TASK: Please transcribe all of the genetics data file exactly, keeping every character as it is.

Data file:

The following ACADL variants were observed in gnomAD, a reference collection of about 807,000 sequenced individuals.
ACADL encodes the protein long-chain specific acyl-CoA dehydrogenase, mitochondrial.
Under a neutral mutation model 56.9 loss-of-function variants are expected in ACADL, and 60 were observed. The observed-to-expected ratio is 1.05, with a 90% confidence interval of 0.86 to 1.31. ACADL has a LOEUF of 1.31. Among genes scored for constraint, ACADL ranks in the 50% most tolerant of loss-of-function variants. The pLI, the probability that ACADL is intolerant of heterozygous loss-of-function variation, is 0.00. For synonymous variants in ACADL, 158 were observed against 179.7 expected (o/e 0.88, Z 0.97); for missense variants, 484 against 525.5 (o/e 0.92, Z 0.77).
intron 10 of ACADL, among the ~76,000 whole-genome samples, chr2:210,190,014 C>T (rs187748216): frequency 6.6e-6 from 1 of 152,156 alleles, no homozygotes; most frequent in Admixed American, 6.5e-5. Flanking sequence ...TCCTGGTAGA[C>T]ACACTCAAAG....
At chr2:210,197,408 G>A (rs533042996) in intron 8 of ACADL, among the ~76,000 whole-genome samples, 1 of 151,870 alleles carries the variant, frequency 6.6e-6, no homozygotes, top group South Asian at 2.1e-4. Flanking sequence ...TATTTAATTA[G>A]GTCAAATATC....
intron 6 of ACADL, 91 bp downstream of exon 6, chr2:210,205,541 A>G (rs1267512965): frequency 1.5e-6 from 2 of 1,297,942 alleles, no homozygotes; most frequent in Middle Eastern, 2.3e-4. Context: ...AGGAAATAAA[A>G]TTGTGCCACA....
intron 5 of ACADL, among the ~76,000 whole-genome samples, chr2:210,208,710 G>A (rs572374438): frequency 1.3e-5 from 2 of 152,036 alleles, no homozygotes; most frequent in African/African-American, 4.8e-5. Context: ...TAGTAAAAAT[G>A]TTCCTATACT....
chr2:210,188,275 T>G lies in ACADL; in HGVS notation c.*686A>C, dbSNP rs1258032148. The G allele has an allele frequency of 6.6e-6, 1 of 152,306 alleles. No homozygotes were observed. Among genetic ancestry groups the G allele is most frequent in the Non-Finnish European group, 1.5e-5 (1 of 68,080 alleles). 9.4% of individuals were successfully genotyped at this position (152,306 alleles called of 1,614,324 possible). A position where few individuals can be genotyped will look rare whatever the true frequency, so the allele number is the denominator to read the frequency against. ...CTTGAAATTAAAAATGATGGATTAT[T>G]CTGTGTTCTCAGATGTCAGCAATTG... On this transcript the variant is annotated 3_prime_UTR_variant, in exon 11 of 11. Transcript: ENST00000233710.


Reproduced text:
The following ACADL variants were observed in gnomAD, a reference collection of about 807,000 sequenced individuals.
ACADL encodes the protein long-chain specific acyl-CoA dehydrogenase, mitochondrial.
Under a neutral mutation model 56.9 loss-of-function variants are expected in ACADL, and 60 were observed. The observed-to-expected ratio is 1.05, with a 90% confidence interval of 0.86 to 1.31. ACADL has a LOEUF of 1.31. Among genes scored for constraint, ACADL ranks in the 50% most tolerant of loss-of-function variants. The pLI, the probability that ACADL is intolerant of heterozygous loss-of-function variation, is 0.00. For synonymous variants in ACADL, 158 were observed against 179.7 expected (o/e 0.88, Z 0.97); for missense variants, 484 against 525.5 (o/e 0.92, Z 0.77).
intron 10 of ACADL, among the ~76,000 whole-genome samples, chr2:210,190,014 C>T (rs187748216): frequency 6.6e-6 from 1 of 152,156 alleles, no homozygotes; most frequent in Admixed American, 6.5e-5. Flanking sequence ...TCCTGGTAGA[C>T]ACACTCAAAG....
At chr2:210,197,408 G>A (rs533042996) in intron 8 of ACADL, among the ~76,000 whole-genome samples, 1 of 151,870 alleles carries the variant, frequency 6.6e-6, no homozygotes, top group South Asian at 2.1e-4. Flanking sequence ...TATTTAATTA[G>A]GTCAAATATC....
intron 6 of ACADL, 91 bp downstream of exon 6, chr2:210,205,541 A>G (rs1267512965): frequency 1.5e-6 from 2 of 1,297,942 alleles, no homozygotes; most frequent in Middle Eastern, 2.3e-4. Context: ...AGGAAATAAA[A>G]TTGTGCCACA....
intron 5 of ACADL, among the ~76,000 whole-genome samples, chr2:210,208,710 G>A (rs572374438): frequency 1.3e-5 from 2 of 152,036 alleles, no homozygotes; most frequent in African/African-American, 4.8e-5. Context: ...TAGTAAAAAT[G>A]TTCCTATACT....
chr2:210,188,275 T>G lies in ACADL; in HGVS notation c.*686A>C, dbSNP rs1258032148. The G allele has an allele frequency of 6.6e-6, 1 of 152,306 alleles. No homozygotes were observed. Among genetic ancestry groups the G allele is most frequent in the Non-Finnish European group, 1.5e-5 (1 of 68,080 alleles). 9.4% of individuals were successfully genotyped at this position (152,306 alleles called of 1,614,324 possible). A position where few individuals can be genotyped will look rare whatever the true frequency, so the allele number is the denominator to read the frequency against. ...CTTGAAATTAAAAATGATGGATTAT[T>G]CTGTGTTCTCAGATGTCAGCAATTG... On this transcript the variant is annotated 3_prime_UTR_variant, in exon 11 of 11. Transcript: ENST00000233710.